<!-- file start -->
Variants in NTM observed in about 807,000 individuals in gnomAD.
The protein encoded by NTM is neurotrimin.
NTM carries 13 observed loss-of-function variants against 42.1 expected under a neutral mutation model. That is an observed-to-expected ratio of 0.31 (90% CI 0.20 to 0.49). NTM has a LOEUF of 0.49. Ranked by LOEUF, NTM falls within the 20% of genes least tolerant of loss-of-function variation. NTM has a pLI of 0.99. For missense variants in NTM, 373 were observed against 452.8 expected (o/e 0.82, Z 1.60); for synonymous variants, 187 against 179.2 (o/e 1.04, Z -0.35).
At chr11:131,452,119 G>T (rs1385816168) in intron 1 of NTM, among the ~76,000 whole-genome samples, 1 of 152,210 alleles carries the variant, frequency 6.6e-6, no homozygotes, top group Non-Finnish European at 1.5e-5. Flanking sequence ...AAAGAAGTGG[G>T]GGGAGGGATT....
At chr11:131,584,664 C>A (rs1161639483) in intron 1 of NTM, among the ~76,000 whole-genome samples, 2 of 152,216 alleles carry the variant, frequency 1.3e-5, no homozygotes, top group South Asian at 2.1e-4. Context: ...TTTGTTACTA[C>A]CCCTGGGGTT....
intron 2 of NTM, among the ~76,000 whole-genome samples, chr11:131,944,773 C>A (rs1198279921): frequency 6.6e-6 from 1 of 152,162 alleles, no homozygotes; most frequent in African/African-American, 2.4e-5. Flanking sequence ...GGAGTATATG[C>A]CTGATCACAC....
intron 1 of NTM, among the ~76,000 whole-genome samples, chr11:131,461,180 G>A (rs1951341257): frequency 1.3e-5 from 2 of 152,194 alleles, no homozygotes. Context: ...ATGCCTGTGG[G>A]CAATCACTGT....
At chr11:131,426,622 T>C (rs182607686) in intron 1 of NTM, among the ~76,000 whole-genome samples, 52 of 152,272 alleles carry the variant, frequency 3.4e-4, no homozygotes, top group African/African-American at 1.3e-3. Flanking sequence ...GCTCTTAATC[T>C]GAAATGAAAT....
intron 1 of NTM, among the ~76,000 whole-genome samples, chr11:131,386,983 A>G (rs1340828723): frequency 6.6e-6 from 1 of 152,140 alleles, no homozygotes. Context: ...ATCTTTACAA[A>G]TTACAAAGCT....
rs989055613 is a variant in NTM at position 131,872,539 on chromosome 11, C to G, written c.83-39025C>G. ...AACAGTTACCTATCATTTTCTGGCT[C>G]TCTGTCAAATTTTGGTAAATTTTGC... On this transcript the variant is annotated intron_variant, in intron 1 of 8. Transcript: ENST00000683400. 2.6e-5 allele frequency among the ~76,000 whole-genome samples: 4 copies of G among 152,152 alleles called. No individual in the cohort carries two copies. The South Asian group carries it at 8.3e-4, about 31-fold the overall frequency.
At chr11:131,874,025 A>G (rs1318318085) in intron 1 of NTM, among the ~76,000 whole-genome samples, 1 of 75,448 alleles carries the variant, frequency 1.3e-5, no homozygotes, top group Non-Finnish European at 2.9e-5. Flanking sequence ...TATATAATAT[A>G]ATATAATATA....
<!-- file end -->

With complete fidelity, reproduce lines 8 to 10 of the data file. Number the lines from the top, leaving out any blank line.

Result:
At chr11:131,426,622 T>C (rs182607686) in intron 1 of NTM, among the ~76,000 whole-genome samples, 52 of 152,272 alleles carry the variant, frequency 3.4e-4, no homozygotes, top group African/African-American at 1.3e-3. Flanking sequence ...GCTCTTAATC[T>C]GAAATGAAAT....
intron 1 of NTM, among the ~76,000 whole-genome samples, chr11:131,386,983 A>G (rs1340828723): frequency 6.6e-6 from 1 of 152,140 alleles, no homozygotes. Context: ...ATCTTTACAA[A>G]TTACAAAGCT....
rs989055613 is a variant in NTM at position 131,872,539 on chromosome 11, C to G, written c.83-39025C>G. ...AACAGTTACCTATCATTTTCTGGCT[C>G]TCTGTCAAATTTTGGTAAATTTTGC... On this transcript the variant is annotated intron_variant, in intron 1 of 8. Transcript: ENST00000683400. 2.6e-5 allele frequency among the ~76,000 whole-genome samples: 4 copies of G among 152,152 alleles called. No individual in the cohort carries two copies. The South Asian group carries it at 8.3e-4, about 31-fold the overall frequency.